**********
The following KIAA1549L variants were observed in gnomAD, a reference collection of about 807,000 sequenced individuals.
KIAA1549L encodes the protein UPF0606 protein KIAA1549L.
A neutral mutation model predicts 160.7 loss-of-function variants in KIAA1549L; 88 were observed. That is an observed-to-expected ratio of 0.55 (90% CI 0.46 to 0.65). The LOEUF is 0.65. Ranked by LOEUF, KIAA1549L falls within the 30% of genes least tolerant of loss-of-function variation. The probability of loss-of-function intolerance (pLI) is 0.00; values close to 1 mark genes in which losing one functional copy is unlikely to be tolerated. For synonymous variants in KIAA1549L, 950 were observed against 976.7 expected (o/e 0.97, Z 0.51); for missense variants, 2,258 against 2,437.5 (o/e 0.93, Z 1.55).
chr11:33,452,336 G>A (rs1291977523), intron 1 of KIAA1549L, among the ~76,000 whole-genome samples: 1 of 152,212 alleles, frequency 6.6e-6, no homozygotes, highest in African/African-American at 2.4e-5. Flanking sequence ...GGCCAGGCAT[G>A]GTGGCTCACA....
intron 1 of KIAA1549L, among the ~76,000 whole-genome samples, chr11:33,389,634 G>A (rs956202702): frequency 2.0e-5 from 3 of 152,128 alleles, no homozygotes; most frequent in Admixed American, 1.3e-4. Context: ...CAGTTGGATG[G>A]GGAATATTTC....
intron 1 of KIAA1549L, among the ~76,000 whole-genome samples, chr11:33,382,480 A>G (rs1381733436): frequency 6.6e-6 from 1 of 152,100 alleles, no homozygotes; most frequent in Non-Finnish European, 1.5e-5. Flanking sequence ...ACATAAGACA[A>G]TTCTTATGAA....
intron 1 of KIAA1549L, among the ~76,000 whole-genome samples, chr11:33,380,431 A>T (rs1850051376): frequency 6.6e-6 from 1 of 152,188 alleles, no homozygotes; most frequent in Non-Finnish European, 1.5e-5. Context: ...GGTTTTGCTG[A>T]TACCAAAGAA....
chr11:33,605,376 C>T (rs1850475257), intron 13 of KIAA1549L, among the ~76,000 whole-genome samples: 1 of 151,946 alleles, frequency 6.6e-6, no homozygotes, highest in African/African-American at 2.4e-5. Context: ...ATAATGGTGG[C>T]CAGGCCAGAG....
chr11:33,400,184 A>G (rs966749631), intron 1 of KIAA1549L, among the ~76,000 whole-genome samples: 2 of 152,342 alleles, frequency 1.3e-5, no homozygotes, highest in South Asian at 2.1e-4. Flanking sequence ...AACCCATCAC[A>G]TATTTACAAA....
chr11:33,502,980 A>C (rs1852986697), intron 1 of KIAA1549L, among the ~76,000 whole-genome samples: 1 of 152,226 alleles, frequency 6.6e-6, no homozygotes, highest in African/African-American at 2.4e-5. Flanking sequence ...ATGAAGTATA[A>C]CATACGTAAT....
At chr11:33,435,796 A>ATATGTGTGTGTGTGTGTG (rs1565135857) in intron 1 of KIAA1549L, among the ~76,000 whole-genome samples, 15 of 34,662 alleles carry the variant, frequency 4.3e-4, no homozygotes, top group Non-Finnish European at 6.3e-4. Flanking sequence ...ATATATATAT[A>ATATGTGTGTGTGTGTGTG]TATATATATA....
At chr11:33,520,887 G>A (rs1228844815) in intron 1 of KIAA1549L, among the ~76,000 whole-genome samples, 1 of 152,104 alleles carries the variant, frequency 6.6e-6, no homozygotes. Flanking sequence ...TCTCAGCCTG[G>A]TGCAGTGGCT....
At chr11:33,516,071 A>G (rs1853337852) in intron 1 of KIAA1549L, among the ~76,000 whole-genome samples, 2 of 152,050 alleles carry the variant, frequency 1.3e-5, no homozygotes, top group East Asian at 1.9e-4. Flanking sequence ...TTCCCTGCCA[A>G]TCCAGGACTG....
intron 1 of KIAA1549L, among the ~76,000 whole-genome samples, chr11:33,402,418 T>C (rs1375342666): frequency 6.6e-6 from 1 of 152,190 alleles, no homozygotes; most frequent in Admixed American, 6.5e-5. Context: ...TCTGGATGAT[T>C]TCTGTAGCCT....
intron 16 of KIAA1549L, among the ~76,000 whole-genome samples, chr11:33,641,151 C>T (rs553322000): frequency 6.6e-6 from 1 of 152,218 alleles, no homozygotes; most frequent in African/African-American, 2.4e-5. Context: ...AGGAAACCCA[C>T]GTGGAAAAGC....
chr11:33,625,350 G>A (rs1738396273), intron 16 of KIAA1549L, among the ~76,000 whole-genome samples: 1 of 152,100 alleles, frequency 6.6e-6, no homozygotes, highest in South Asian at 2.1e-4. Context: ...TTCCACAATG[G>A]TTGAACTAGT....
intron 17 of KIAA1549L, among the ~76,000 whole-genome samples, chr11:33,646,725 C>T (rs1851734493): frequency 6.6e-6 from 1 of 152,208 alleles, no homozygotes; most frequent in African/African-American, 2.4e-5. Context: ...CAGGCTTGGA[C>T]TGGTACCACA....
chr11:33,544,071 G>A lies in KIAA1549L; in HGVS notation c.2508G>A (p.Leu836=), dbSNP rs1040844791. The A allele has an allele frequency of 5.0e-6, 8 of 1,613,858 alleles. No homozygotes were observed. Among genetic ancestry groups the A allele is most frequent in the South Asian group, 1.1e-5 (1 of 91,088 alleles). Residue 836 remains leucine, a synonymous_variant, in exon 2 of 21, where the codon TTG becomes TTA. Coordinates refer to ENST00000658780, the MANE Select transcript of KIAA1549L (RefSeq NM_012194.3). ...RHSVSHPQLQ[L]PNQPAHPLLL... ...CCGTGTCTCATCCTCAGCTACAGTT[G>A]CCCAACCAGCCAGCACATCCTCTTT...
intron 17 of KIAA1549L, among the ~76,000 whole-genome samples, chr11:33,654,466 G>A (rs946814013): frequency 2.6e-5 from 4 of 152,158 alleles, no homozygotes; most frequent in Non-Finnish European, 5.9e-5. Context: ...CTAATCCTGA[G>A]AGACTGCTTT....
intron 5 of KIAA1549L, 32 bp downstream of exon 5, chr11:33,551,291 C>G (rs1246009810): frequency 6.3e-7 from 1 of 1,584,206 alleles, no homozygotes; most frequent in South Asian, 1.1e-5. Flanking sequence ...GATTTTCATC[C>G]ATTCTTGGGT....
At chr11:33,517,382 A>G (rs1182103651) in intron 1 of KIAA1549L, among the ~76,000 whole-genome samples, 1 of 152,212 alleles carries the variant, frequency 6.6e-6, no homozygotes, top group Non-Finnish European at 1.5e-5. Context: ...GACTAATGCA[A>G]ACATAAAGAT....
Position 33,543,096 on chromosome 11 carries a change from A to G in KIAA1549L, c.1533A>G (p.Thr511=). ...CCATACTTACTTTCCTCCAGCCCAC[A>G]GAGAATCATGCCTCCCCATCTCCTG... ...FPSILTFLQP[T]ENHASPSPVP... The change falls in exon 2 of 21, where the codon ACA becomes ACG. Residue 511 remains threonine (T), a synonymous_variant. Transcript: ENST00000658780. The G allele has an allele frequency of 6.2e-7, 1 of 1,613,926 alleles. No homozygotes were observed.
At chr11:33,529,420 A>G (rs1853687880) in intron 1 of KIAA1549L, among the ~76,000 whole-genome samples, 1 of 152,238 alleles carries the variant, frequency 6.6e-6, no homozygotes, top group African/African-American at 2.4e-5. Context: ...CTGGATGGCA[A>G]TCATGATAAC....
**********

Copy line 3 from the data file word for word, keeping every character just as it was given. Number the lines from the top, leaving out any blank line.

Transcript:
A neutral mutation model predicts 160.7 loss-of-function variants in KIAA1549L; 88 were observed. That is an observed-to-expected ratio of 0.55 (90% CI 0.46 to 0.65). The LOEUF is 0.65. Ranked by LOEUF, KIAA1549L falls within the 30% of genes least tolerant of loss-of-function variation. The probability of loss-of-function intolerance (pLI) is 0.00; values close to 1 mark genes in which losing one functional copy is unlikely to be tolerated. For synonymous variants in KIAA1549L, 950 were observed against 976.7 expected (o/e 0.97, Z 0.51); for missense variants, 2,258 against 2,437.5 (o/e 0.93, Z 1.55).